Unlocking the Power of Fixed Rate Returns in DeFi

Struct Finance
5 min readFeb 23


No Floor, No Ceiling

The average crypto-native has a higher risk appetite relative to more traditional investors. Crypto is rightfully classified as a risk-on asset as it is the norm for most crypto tokens to fluctuate 10–20% in price within a single day, even among larger cap tokens. On the other hand, anything over a 1% daily price movement in commodities (gold, silver) or indices (the S&P500) will make for some serious news headlines.

But what if crypto didn’t have to be a risk-on asset by default?

Here’s the problem:

Nearly all yield in Web3 is variable by default because of the supply and demand economics that govern decentralization. In fact, variable yield is such a defacto setting in crypto that we often forget that even “market-neutral strategies” are built atop this foundation of variable returns.

Offering a new base layer for fixed yield in crypto will be a paradigm shift precisely because the entire space is built atop of variable yield. Fixed Yield products would accommodate the billions of dollars of liquidity that institutional investors can only delegate to risk-off assets.

Before we examine the importance of fixed yield, we first have to answer the following question:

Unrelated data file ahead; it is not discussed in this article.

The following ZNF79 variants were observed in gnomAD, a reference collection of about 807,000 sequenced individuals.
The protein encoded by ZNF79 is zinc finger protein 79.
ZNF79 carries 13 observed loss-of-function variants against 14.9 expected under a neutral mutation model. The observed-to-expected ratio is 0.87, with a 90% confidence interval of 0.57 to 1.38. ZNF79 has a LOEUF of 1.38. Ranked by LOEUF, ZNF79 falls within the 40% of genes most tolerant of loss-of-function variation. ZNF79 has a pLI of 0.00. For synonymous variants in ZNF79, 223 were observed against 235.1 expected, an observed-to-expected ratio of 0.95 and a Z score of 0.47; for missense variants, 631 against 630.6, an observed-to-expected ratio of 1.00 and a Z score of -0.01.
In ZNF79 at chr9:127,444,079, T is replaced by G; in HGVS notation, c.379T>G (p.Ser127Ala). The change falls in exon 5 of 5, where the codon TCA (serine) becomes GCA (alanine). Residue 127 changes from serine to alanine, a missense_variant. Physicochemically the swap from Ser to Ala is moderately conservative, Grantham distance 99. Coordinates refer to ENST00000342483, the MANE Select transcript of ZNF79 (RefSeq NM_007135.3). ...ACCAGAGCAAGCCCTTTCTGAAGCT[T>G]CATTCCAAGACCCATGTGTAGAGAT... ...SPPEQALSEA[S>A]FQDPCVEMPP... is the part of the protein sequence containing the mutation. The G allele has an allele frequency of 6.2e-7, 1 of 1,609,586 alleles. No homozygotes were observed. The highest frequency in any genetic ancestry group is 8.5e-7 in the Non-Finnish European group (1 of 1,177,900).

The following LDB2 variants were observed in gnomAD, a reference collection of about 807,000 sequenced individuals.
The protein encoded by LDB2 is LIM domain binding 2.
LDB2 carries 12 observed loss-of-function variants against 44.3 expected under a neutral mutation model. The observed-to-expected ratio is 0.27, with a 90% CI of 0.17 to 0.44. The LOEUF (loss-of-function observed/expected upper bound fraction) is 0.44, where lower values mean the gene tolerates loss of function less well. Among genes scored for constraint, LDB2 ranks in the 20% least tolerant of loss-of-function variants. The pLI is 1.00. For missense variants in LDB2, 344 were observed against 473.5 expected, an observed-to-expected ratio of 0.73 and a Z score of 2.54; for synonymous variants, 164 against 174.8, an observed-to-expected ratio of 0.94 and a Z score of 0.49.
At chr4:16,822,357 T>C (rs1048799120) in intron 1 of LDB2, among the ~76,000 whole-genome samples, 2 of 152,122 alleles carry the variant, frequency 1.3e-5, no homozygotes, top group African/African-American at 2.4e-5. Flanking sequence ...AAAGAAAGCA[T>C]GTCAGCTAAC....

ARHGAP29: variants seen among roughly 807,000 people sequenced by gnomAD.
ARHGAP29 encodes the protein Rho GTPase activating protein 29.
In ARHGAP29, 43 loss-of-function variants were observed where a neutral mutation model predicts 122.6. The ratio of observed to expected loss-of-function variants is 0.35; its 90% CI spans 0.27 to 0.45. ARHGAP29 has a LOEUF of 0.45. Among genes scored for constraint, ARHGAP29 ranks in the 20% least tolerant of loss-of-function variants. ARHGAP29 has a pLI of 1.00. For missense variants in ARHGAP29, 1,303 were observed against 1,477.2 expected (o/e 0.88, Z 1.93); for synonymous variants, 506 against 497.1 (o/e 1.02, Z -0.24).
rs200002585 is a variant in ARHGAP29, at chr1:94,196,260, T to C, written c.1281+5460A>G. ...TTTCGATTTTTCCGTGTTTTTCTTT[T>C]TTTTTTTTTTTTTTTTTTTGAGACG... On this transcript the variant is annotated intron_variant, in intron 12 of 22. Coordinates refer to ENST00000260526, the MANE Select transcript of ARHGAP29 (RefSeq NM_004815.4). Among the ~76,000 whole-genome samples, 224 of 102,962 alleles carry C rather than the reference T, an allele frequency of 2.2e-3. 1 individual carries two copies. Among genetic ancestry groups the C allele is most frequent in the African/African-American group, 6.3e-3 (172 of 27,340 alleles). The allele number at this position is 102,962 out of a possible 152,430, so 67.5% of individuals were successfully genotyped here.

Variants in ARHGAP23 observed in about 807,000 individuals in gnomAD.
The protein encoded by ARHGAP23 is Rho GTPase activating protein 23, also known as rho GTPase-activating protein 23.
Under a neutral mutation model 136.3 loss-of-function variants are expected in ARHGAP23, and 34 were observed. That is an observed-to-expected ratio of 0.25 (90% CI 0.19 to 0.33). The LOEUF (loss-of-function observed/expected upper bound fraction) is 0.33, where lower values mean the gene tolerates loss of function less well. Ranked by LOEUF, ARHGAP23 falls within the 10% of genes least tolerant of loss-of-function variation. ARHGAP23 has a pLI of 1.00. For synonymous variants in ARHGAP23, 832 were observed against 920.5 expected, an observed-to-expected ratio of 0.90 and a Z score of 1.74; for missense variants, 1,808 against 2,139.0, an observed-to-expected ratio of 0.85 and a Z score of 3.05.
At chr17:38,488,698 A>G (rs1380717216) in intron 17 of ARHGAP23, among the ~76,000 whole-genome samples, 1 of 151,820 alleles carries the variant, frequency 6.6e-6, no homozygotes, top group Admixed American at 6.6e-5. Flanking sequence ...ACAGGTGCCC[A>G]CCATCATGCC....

Why is variable yield so prevalent in crypto?

The Economics of Decentralization

To understand why the variable yield is prevalent in crypto, let us examine the most commonly used yield-mechanisms in the space.

POS Staking

Staking is now a catch-all phrase to describe all instances of locking tokens up as collateral into vaults (examples: “Stake your $DAI”, “Stake your $USDC”).

However, the original definition — and purpose — of Staking was exclusively meant to define the scope of work for Proof of Stake (POS) blockchain network validators who could lock up their coins for a chance to validate the transactions.

POS validators, the original stakers, are paid out on a “block-by-block” basis. Each block would have a different number of transactions contained in it, resulting in a different payout to stakers per block. In other words, POS Validators are paid out in a variable manner, completely dictated by supply and demand (how many vs how little transactions in a single block).

Providing Liquidity to AMMs / DEXs

If you’ve swapped tokens on a DEX like Uniswap, Sushiswap, Pancakeswap or TraderJoe, then you’ve interacted with an Automated Market Maker (AMM). AMMs are liquidity pools that anyone can permissionlessly buy and sell tokens from.

In traditional finance, asset price is dictated by the supply and demand dynamic between the buy orders and sell orders of different counter-parties.

On the other hand asset price is dictated in a completely algorithmic manner within AMMs — depending entirely on the ratio between both tokens in the pool.

  • Fewer tokens in the pool = higher price.
  • More tokens in the pool = lower price.

So where does variable yield come into play here?

If you provide liquidity to an AMM for other people to swap from, you earn a fee from every swap transaction. Uniswap allocates 0.3% of each transaction fee to the Liquidity Providers (LPs). This 0.03% is then shared between all of the LPs.

  • Fewer LPs = higher fees per individual LP.
  • More LPs = lower fees per individual LP.

On top of already getting variable yield from trading volume that fluctuates, this form of yield is further distributed between LPs in a variable manner.

  • Variable transaction volume + Variable participants (LPs) = Variable Yield